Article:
Maple Sugar Moon & Sugar Shacking

Thirteen Moons on Turtle’s Back:
A Native American Year of Moons

By J. Bruchac & J. London
Illustrated by Thomas Locker

“In many Native American cultures each of the thirteen moons of the year is said to hold its own story, and each is powered by the turtle who is believed to contain the mystery of the moon in the shell of its back.”

Legend has it that North America is the back of a turtle and it’s eye is here in New England. If you take a close look at the shell of a turtle you can count out thirteen different plates on its carapace. And every year has thirteen moon cycles that complete the year.

According to Anishinabe legend, this month’s full moon, the 3rd moon, is called the Maple Sugar Moon, the only time of the year sap flows from the maple trees. In the hilltowns of Western Mass it’s the month steam pours out of our area sugar shacks and fresh maple sap is boiled down to make maple syrup. Many sugar shacks invite families to their annual pancake breakfasts during these weeks to enjoy fresh maple syrup and share in the process of making syrup.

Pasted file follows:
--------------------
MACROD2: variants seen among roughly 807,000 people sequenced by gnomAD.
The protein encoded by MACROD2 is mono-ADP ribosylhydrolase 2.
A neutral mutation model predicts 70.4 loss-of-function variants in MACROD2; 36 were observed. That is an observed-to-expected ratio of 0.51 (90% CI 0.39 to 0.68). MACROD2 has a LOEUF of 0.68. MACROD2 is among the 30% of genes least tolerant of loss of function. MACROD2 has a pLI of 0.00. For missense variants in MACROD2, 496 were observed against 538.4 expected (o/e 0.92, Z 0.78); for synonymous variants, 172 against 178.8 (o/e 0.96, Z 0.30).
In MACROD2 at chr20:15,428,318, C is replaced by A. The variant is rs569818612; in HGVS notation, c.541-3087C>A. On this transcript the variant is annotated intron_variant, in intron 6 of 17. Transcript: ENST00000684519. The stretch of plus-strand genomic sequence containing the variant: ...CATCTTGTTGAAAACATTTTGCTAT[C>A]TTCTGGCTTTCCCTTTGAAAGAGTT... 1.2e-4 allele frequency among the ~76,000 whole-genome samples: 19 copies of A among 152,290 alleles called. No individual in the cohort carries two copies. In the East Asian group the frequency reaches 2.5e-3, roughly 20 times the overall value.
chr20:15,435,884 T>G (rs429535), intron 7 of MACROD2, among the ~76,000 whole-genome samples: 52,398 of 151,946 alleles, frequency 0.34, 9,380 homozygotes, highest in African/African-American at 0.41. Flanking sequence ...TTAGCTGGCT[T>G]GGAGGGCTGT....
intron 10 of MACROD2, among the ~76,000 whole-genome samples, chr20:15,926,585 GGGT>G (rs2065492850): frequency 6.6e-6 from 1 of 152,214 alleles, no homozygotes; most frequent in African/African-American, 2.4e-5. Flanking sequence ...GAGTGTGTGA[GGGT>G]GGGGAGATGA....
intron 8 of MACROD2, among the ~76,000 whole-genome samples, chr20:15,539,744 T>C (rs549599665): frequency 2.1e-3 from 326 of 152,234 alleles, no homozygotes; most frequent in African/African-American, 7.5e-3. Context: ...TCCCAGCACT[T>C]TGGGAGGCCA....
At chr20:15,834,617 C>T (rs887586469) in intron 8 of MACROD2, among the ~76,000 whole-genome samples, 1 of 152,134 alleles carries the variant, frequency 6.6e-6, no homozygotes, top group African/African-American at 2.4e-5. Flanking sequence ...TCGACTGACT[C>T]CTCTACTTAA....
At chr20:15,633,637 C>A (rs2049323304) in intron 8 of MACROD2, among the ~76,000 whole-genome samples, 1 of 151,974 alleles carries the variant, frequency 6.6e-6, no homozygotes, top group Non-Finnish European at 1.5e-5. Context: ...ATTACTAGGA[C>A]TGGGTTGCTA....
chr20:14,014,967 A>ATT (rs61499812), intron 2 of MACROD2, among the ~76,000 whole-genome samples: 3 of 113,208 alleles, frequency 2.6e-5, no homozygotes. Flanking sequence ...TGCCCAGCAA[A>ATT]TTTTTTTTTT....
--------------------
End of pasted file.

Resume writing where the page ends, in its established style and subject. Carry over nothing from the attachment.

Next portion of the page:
There will be a maple sugaring showcase presented by Storrowton Village Museum in West Springfield, MA this weekend. Click here for details.
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